Team USA softball pitchers Cat Osterman and Monica Abbott stood on the podium, medals around their necks and flowers in their hands. Minutes earlier, “We Are The Champions” played on the loudspeaker and thundersticks clapped in the stands. Seconds before that, Team Japan mobbed their pitcher, Yukiko Ueno, who had helped topple the United States, denying the Americans the gold medal for the first time in the history of the Olympics.
Many wondered if it would be the last. Softball already had been scrapped from the 2012 Olympic lineup, leaving the American players with a sense of doom.
“I haven’t really thought about the big picture,” Osterman said that day. “It hurts too much to look at the future.”
Usain Bolt, who struck gold three times in his Olympic debut in 2008, would defend his Olympic titles in 2012 and 2016. All the while, softball sat on the sidelines, banished from the Olympic program for the 2012 and 2016 Games.
Osterman retired from professional softball in 2015, took up coaching, got married and became a stepmom.
Abbott continued to play professional ball, including a decade with the Japan Softball League’s Toyota Red Terriers. She signed the first million-dollar contract in National Pro Fastpitch history but, like Osterman, parted ways with the U.S. national team after the 2010 world championships without the prospect of another shot at Olympic gold in sight.
But later this week, softball will return to the Olympics for the first time since that 2008 U.S. heartbreaker, and both the 38-year-old Osterman and the 35-year-old Abbott will be on the field for Team USA — 4,717 days after their last appearance.
But who’s counting?
What’s about to become reality seemed an impossibility to Abbott back in 2008. When asked if she could have foreseen this shot at redemption back then for herself and Osterman, Abbott had two words: “No way.”
“We both have been through so much over the years, and especially since during that time most softball players didn’t play past the age of 31, or have the opportunity to compete on a professional level,” Abbott wrote in an email from Japan last week, as Team USA was completing its Olympic warmup. “Now look at us both, mid-30s and having played for so long. Women’s sports have come a long way. Softball has come farther.”
Just how far softball has come is illustrated in the talent that will assemble in Tokyo. Not only are Abbott and Osterman back, but the 38-year-old Ueno and her catcher, 33-year-old Yukiyo Mine, are back for Japan, too.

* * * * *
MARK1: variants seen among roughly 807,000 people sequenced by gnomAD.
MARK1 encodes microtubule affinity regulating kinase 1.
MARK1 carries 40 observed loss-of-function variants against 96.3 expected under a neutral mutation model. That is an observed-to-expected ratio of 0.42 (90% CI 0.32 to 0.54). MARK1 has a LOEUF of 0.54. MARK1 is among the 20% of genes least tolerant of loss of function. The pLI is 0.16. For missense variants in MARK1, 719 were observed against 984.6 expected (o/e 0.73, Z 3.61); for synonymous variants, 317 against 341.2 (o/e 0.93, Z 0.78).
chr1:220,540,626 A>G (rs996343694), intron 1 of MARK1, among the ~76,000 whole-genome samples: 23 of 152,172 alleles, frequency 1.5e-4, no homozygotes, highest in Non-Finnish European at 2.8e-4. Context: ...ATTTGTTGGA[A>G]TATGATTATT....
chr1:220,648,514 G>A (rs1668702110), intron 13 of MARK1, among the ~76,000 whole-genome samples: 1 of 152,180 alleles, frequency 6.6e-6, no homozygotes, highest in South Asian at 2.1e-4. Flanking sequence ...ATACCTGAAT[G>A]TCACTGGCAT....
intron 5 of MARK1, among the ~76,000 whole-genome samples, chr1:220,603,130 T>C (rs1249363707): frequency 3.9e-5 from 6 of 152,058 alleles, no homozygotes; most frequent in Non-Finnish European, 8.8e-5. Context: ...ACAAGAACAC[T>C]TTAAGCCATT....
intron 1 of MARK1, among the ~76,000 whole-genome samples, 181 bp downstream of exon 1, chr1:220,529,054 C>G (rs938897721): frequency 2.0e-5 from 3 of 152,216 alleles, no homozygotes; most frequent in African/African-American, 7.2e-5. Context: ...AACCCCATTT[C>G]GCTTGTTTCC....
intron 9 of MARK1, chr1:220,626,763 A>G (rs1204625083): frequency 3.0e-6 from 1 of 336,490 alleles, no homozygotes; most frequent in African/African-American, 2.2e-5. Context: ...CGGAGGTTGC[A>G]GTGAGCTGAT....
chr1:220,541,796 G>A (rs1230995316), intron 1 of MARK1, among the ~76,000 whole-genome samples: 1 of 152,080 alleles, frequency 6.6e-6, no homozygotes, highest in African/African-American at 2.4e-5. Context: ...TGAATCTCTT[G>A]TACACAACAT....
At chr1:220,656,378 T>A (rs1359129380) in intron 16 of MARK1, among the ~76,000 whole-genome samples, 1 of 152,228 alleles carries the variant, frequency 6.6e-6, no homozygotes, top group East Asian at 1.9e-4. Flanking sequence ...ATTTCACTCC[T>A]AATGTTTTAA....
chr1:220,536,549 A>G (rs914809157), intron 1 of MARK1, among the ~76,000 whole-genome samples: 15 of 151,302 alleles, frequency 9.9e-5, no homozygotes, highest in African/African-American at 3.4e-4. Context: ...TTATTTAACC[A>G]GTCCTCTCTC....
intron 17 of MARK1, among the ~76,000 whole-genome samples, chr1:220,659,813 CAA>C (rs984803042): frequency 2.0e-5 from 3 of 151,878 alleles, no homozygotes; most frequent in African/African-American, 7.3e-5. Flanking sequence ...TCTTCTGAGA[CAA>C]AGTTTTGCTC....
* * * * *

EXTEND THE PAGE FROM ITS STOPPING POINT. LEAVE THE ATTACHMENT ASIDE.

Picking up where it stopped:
The U.S., ranked No. 1, and Japan, No. 2, are the favorites for gold in the six-team Olympic field. They have met in the final of every world championship dating back to 2002, with the U.S. winning gold five times and Japan winning twice.
Most recently, the U.S. prevailed 7-6 after rallying for three runs in the 10th inning in the 2018 world championships. Yamato Fujita, now on the Japanese Olympic roster, hit two homers and the United States finally got to Ueno, who also had pitched a complete game earlier that day in the semifinal against Canada. Abbott got the win for the U.S.
The rivalry, in other words, has survived its absence from the Olympics. The U.S. and Japan will meet on the final day of the tournament’s round-robin segment. They play July 25 at 9 p.m. ET. The bronze-medal game will be at midnight ET on July 27 and the gold-medal game will be at 7 a.m.
“It’s all about getting back what we feel is rightfully ours,” Osterman said when announcing her return to Team USA in October of 2018.
The other four teams in the Olympic field are 2008 bronze medalist Australia (ranked No. 8 in the world), No. 3 Canada, No. 9 Italy and No. 5 Mexico, which is making its Olympic debut. Former NCAA stars dot — sometimes blot — the rosters of all four. There are no pushovers.
The top four teams from round-robin play will advance to the medal round. Japan takes on Australia in the opener on July 20 — yes, that’s two days prior to the opening ceremonies — and the U.S. opens against Italy on July 20 at 11 p.m. ET.
“I’m pumped,” Abbott said. “Olympic softball is the biggest stage in our sport and we are long overdue to be back in the Olympic Games.”
Here are a few other storylines to watch:
The stars to Abbott and Osterman’s strikes